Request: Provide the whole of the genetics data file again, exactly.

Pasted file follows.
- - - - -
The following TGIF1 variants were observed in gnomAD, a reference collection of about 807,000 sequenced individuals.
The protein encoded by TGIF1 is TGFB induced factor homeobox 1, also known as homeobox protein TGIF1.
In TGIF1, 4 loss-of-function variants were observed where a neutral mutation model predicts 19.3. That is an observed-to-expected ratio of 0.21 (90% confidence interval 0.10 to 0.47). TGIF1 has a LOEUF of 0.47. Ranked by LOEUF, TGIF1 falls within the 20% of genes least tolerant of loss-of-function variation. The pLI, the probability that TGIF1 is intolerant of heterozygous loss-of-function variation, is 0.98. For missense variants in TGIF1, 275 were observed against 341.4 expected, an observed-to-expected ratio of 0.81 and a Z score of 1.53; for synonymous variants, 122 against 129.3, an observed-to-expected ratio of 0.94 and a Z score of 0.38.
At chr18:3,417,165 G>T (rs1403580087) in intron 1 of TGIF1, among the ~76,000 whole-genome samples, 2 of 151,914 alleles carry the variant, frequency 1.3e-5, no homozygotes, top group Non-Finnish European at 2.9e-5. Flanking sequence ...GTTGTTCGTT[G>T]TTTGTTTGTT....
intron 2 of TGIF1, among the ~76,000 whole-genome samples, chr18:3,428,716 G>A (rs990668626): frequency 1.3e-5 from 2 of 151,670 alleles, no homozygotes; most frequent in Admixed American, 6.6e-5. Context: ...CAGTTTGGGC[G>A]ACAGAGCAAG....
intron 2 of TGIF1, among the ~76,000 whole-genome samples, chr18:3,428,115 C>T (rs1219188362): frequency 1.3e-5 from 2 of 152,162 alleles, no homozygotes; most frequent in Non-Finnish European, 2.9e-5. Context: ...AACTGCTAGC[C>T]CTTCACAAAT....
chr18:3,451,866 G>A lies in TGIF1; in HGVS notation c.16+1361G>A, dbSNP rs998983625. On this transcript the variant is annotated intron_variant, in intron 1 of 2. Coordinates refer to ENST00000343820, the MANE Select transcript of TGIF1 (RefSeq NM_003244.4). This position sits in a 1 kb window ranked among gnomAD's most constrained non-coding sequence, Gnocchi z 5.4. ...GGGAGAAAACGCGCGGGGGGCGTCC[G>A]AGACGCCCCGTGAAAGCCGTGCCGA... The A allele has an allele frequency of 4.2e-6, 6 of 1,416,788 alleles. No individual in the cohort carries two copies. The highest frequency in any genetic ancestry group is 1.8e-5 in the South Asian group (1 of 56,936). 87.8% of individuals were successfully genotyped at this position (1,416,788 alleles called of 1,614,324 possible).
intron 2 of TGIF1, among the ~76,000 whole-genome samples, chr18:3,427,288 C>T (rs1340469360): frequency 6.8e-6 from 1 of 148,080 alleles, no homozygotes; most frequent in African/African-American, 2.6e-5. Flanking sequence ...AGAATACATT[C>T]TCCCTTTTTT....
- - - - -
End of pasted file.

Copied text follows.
The following TGIF1 variants were observed in gnomAD, a reference collection of about 807,000 sequenced individuals.
The protein encoded by TGIF1 is TGFB induced factor homeobox 1, also known as homeobox protein TGIF1.
In TGIF1, 4 loss-of-function variants were observed where a neutral mutation model predicts 19.3. That is an observed-to-expected ratio of 0.21 (90% confidence interval 0.10 to 0.47). TGIF1 has a LOEUF of 0.47. Ranked by LOEUF, TGIF1 falls within the 20% of genes least tolerant of loss-of-function variation. The pLI, the probability that TGIF1 is intolerant of heterozygous loss-of-function variation, is 0.98. For missense variants in TGIF1, 275 were observed against 341.4 expected, an observed-to-expected ratio of 0.81 and a Z score of 1.53; for synonymous variants, 122 against 129.3, an observed-to-expected ratio of 0.94 and a Z score of 0.38.
At chr18:3,417,165 G>T (rs1403580087) in intron 1 of TGIF1, among the ~76,000 whole-genome samples, 2 of 151,914 alleles carry the variant, frequency 1.3e-5, no homozygotes, top group Non-Finnish European at 2.9e-5. Flanking sequence ...GTTGTTCGTT[G>T]TTTGTTTGTT....
intron 2 of TGIF1, among the ~76,000 whole-genome samples, chr18:3,428,716 G>A (rs990668626): frequency 1.3e-5 from 2 of 151,670 alleles, no homozygotes; most frequent in Admixed American, 6.6e-5. Context: ...CAGTTTGGGC[G>A]ACAGAGCAAG....
intron 2 of TGIF1, among the ~76,000 whole-genome samples, chr18:3,428,115 C>T (rs1219188362): frequency 1.3e-5 from 2 of 152,162 alleles, no homozygotes; most frequent in Non-Finnish European, 2.9e-5. Context: ...AACTGCTAGC[C>T]CTTCACAAAT....
chr18:3,451,866 G>A lies in TGIF1; in HGVS notation c.16+1361G>A, dbSNP rs998983625. On this transcript the variant is annotated intron_variant, in intron 1 of 2. Coordinates refer to ENST00000343820, the MANE Select transcript of TGIF1 (RefSeq NM_003244.4). This position sits in a 1 kb window ranked among gnomAD's most constrained non-coding sequence, Gnocchi z 5.4. ...GGGAGAAAACGCGCGGGGGGCGTCC[G>A]AGACGCCCCGTGAAAGCCGTGCCGA... The A allele has an allele frequency of 4.2e-6, 6 of 1,416,788 alleles. No individual in the cohort carries two copies. The highest frequency in any genetic ancestry group is 1.8e-5 in the South Asian group (1 of 56,936). 87.8% of individuals were successfully genotyped at this position (1,416,788 alleles called of 1,614,324 possible).
intron 2 of TGIF1, among the ~76,000 whole-genome samples, chr18:3,427,288 C>T (rs1340469360): frequency 6.8e-6 from 1 of 148,080 alleles, no homozygotes; most frequent in African/African-American, 2.6e-5. Flanking sequence ...AGAATACATT[C>T]TCCCTTTTTT....